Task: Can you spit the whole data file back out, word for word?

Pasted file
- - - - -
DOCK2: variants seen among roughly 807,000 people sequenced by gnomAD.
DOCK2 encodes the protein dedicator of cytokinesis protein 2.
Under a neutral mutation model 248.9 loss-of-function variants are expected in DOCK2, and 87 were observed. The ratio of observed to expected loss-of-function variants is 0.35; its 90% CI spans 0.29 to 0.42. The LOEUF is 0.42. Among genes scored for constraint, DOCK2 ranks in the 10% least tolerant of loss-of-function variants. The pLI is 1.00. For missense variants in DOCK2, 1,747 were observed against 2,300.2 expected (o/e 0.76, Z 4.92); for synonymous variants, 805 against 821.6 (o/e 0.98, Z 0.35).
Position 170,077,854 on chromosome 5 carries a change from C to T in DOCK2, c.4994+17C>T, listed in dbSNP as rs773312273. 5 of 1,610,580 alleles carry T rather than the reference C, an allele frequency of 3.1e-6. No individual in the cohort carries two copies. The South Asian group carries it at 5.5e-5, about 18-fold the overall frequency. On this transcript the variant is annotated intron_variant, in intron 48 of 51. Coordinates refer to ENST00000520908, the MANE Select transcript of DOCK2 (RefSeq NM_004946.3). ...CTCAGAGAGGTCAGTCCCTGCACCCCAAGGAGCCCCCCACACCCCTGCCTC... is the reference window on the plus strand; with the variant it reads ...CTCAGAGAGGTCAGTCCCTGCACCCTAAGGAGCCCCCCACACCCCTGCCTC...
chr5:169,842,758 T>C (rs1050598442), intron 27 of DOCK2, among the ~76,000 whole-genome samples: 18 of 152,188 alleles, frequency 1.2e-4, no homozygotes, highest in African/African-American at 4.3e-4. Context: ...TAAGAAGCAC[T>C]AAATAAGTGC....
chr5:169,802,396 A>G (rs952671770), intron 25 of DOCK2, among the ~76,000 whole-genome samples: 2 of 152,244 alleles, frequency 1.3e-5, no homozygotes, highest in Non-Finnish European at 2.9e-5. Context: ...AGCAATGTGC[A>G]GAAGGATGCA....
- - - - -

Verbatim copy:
DOCK2: variants seen among roughly 807,000 people sequenced by gnomAD.
DOCK2 encodes the protein dedicator of cytokinesis protein 2.
Under a neutral mutation model 248.9 loss-of-function variants are expected in DOCK2, and 87 were observed. The ratio of observed to expected loss-of-function variants is 0.35; its 90% CI spans 0.29 to 0.42. The LOEUF is 0.42. Among genes scored for constraint, DOCK2 ranks in the 10% least tolerant of loss-of-function variants. The pLI is 1.00. For missense variants in DOCK2, 1,747 were observed against 2,300.2 expected (o/e 0.76, Z 4.92); for synonymous variants, 805 against 821.6 (o/e 0.98, Z 0.35).
Position 170,077,854 on chromosome 5 carries a change from C to T in DOCK2, c.4994+17C>T, listed in dbSNP as rs773312273. 5 of 1,610,580 alleles carry T rather than the reference C, an allele frequency of 3.1e-6. No individual in the cohort carries two copies. The South Asian group carries it at 5.5e-5, about 18-fold the overall frequency. On this transcript the variant is annotated intron_variant, in intron 48 of 51. Coordinates refer to ENST00000520908, the MANE Select transcript of DOCK2 (RefSeq NM_004946.3). ...CTCAGAGAGGTCAGTCCCTGCACCCCAAGGAGCCCCCCACACCCCTGCCTC... is the reference window on the plus strand; with the variant it reads ...CTCAGAGAGGTCAGTCCCTGCACCCTAAGGAGCCCCCCACACCCCTGCCTC...
chr5:169,842,758 T>C (rs1050598442), intron 27 of DOCK2, among the ~76,000 whole-genome samples: 18 of 152,188 alleles, frequency 1.2e-4, no homozygotes, highest in African/African-American at 4.3e-4. Context: ...TAAGAAGCAC[T>C]AAATAAGTGC....
chr5:169,802,396 A>G (rs952671770), intron 25 of DOCK2, among the ~76,000 whole-genome samples: 2 of 152,244 alleles, frequency 1.3e-5, no homozygotes, highest in Non-Finnish European at 2.9e-5. Context: ...AGCAATGTGC[A>G]GAAGGATGCA....